Why are portions of I-90 near Snoqualmie Pass so ‘groovy’?
I’m back with another question from all my recent driving: What’s with all the random sets of parallel grooves on portions of I-90, east of Snoqualmie Pass?
I had noticed these grooves before, but I never really thought about them. But when I started seeing them in Idaho and Montana, I figured there had to be a good reason that state transportation departments had created them or installed them.
If you’ve driven to Ellensburg, you’ve probably seen these. There are six parallel grooves, going in the direction of the concrete, about every 20 feet. You’re on them for a while. Then they disappear, only to show back up on another part of the freeway.
I figured they might be for drainage or something like that. A good guess, says Meagan Lott with the Washington State Department of Transportation.
“We get a lot of crazy questions about it,” Lott said. “Some range from do they create more traction in the snow and ice, or are those heating elements that you have installed to keep the snow and ice from building up?”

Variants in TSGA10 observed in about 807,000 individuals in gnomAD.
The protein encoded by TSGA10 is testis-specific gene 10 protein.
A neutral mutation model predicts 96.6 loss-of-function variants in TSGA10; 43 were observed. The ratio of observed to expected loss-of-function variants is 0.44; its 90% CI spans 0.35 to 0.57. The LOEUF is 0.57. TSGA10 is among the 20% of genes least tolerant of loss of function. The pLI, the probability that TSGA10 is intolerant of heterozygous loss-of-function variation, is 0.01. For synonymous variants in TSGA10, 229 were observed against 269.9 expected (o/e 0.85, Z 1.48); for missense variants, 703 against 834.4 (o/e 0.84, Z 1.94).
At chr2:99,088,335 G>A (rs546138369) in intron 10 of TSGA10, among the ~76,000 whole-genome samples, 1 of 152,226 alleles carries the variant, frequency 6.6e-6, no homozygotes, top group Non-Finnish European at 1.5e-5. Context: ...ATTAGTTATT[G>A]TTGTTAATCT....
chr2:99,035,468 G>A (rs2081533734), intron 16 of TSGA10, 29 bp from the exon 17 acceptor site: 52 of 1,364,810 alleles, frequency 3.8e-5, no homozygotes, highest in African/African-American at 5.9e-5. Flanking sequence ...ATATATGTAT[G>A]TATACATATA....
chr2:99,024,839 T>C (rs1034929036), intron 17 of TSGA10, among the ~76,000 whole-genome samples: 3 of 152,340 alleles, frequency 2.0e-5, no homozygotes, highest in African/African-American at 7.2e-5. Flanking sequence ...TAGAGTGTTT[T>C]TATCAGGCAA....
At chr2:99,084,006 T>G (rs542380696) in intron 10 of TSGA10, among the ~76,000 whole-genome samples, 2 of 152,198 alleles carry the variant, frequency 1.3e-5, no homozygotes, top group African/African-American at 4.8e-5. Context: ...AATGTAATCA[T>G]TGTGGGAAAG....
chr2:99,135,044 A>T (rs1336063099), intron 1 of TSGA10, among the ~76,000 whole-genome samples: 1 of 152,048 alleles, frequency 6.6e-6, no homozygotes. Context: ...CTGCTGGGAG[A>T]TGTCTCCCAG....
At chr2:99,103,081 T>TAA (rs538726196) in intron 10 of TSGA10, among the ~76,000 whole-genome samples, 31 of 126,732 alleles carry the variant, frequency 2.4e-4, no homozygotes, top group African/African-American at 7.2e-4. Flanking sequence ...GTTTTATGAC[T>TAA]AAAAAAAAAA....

They are actually for strengthening the concrete panels.
Now, why would you cut grooves in the concrete to make it stronger?
Those grooves are left over from construction where metal rods are inserted in the concrete between two panels to keep them from rocking back and forth.
“It’s part of a maintenance and preservation technique that we use to preserve, maintain, and extend the life of the pavement,” Lott said.
The other question I had is why these grooves are only in the right lane. It’s the same in Idaho and Montana.
That was the simplest part of the equation. The right lane usually takes the heaviest load, with all the truck traffic, so that part of the concrete usually fails first.
Lott said this rod repair is cheaper than a full repaving or concrete panel replacement, and it gives the road a longer life. When putting in new concrete, the contractors install the rods during construction to add the extra strength from the beginning.
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